Most Democrats* don't want to extend the Bush tax cuts because they include tax cuts to the wealthy. They also think taxing the rich plays well to the middle and lower class. They ignore the fact that the lowest income levels get a 50% tax increase (the highest increase), and every other bracket increases too, once Bush's tax cuts expire.
Taxing the rich will have a devastating affect on small businesses, employment, and our economy. As Republican Senator Orrin Hatch said, "They can talk about the wealthy all they want, but this is about stopping a job-killing tax hike on small businesses during tough economic times."
It is true: You can't get a job from a poor person. Every job I ever had was because of a rich person--richer than me at least. If you have worked for a small business, I bet it is true for you too. Think about it.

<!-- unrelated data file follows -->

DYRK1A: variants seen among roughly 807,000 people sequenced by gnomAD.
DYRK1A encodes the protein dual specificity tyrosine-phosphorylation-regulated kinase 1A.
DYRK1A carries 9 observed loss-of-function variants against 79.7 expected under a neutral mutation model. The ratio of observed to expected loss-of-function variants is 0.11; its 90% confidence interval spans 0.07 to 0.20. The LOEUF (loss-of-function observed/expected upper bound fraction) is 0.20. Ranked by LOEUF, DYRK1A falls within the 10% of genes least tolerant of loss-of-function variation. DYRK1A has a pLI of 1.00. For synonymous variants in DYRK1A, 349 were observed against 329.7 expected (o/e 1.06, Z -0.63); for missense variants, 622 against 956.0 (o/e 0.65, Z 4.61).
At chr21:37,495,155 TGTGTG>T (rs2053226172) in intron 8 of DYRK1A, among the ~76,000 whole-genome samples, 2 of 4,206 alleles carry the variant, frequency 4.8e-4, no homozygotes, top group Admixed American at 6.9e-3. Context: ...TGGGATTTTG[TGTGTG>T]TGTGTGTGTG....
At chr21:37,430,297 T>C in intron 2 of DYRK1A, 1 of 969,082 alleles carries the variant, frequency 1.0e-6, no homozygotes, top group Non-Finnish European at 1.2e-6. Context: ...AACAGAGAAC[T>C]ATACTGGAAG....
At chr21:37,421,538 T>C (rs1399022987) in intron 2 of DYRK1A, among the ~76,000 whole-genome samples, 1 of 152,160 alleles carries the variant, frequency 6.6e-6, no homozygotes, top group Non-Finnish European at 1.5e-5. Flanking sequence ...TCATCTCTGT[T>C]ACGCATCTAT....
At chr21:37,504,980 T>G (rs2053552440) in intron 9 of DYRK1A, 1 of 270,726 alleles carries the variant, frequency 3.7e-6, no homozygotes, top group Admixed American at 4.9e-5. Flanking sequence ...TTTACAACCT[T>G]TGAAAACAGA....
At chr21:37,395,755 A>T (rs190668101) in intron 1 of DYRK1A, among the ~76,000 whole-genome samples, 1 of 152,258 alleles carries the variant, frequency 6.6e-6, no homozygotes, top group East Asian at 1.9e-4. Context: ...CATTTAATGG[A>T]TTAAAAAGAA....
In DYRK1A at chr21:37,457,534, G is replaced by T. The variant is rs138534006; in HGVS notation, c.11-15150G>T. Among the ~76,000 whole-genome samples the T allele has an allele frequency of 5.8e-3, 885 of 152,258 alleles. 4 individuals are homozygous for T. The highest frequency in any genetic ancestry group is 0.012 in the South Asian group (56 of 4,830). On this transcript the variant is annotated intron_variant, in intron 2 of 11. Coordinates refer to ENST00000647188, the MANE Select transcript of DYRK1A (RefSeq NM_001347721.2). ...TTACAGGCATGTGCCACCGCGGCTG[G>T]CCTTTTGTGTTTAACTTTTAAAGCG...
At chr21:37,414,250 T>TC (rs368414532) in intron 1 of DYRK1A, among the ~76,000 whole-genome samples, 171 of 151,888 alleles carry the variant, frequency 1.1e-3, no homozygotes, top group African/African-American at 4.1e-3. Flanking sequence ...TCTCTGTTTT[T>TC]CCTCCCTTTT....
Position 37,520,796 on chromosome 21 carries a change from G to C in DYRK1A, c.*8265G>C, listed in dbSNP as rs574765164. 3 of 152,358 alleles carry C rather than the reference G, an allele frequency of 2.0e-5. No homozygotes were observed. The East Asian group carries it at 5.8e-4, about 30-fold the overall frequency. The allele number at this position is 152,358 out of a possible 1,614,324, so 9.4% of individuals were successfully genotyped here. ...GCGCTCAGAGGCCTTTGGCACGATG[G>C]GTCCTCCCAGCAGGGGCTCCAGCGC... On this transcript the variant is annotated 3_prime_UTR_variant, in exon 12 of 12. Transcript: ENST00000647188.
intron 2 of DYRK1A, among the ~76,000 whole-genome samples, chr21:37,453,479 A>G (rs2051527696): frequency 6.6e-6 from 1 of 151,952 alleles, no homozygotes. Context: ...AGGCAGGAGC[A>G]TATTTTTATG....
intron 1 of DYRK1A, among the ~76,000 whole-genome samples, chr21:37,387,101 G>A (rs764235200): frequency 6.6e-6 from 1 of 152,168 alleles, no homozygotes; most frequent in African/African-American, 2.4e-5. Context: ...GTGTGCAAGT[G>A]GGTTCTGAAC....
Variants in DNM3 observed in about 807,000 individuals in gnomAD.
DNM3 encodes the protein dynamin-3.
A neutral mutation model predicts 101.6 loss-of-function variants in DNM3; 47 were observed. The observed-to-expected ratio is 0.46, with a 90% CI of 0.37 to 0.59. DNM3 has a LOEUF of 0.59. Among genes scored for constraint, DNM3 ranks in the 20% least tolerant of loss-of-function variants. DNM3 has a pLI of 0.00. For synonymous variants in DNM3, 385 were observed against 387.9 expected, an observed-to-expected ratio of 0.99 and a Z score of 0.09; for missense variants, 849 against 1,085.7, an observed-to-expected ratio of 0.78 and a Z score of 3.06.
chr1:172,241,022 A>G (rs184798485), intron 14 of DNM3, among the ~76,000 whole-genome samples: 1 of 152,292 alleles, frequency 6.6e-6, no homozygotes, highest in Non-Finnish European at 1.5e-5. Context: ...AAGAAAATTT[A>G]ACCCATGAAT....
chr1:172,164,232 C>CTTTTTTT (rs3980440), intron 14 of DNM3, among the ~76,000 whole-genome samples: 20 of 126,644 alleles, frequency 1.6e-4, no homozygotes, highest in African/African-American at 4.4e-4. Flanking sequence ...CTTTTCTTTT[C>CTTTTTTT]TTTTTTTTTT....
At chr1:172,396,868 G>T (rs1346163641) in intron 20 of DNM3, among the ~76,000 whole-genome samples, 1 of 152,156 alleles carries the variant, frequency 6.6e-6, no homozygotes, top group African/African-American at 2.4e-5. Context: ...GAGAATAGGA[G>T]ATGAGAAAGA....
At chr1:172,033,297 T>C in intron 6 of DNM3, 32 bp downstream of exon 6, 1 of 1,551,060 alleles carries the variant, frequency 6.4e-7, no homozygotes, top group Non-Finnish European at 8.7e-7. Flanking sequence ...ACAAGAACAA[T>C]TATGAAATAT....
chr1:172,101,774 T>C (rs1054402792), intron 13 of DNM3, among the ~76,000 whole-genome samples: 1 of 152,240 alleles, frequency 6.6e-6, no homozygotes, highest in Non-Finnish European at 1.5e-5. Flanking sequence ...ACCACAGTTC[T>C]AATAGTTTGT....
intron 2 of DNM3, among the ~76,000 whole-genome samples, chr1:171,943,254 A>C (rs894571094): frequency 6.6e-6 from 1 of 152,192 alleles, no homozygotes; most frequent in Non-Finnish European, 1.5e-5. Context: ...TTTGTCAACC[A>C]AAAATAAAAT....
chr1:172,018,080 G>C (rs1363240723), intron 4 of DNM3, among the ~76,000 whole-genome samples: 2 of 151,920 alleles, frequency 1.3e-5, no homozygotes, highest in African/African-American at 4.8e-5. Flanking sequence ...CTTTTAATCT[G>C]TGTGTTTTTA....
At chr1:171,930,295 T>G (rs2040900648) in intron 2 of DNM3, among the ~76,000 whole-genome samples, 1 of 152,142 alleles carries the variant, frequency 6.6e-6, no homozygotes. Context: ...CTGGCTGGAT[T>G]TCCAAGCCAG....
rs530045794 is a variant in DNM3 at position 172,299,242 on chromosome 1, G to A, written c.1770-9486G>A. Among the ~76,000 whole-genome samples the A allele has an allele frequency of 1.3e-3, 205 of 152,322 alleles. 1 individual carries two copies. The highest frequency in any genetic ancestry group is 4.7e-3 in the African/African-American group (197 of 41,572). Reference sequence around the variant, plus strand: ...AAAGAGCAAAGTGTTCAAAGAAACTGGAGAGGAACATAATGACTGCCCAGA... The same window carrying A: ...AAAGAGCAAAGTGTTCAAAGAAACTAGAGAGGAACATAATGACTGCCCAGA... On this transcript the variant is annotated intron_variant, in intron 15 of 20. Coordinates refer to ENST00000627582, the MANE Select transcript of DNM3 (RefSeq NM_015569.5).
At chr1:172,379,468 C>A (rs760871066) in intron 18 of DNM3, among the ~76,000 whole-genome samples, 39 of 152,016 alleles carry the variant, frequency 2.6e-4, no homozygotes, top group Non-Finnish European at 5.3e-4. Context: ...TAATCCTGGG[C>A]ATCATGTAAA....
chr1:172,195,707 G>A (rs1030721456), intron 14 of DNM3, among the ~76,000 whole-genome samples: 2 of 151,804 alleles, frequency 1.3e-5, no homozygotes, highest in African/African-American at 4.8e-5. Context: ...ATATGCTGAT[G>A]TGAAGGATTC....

Here is a quick list of my employers:
- Don's Super Value food store - Don owned the franchise. He employed maybe 70 locals and college students. I did cake decorating in the store bakery in my college days.
- Shorewood Village Bakery - This was an upscale, family owned bakery, where I cake decorated after college. They employed about 7 workers. Owners worked along side employees.
- Mullenbach's Fashions - A small custom bridal and ball gowns shop, owned by James Mullenbach. This was my 1st full time job after college where I was one of 7 workers. Little did I know the experience gained there would prove invaluable in my real job years later at Milwaukee Ballet.
- T.A. Chapman's Department Store - Golden Thimble Fabrics. Chapman's was an upscale department store, owned by a very wealthy Milwaukee family. They employed a few hundred people.
- The Snow Goose - a boutique on Jefferson St. where I designed and created custom clothing. I was the only employee. This business went under in less than a year.